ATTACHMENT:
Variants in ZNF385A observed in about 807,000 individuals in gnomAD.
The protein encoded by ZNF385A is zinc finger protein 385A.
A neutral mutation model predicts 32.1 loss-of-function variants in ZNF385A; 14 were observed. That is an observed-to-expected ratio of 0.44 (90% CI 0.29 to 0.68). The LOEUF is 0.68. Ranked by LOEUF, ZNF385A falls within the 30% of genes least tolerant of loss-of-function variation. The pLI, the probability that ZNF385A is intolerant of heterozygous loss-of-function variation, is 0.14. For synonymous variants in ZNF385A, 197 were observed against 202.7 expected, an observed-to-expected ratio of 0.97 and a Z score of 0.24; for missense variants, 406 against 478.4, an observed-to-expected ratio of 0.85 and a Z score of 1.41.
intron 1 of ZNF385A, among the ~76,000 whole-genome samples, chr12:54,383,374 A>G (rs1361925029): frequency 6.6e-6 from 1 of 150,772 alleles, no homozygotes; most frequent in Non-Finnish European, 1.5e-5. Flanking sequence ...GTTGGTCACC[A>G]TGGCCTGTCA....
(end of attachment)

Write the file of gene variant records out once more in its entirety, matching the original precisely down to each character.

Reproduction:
Variants in ZNF385A observed in about 807,000 individuals in gnomAD.
The protein encoded by ZNF385A is zinc finger protein 385A.
A neutral mutation model predicts 32.1 loss-of-function variants in ZNF385A; 14 were observed. That is an observed-to-expected ratio of 0.44 (90% CI 0.29 to 0.68). The LOEUF is 0.68. Ranked by LOEUF, ZNF385A falls within the 30% of genes least tolerant of loss-of-function variation. The pLI, the probability that ZNF385A is intolerant of heterozygous loss-of-function variation, is 0.14. For synonymous variants in ZNF385A, 197 were observed against 202.7 expected, an observed-to-expected ratio of 0.97 and a Z score of 0.24; for missense variants, 406 against 478.4, an observed-to-expected ratio of 0.85 and a Z score of 1.41.
intron 1 of ZNF385A, among the ~76,000 whole-genome samples, chr12:54,383,374 A>G (rs1361925029): frequency 6.6e-6 from 1 of 150,772 alleles, no homozygotes; most frequent in Non-Finnish European, 1.5e-5. Flanking sequence ...GTTGGTCACC[A>G]TGGCCTGTCA....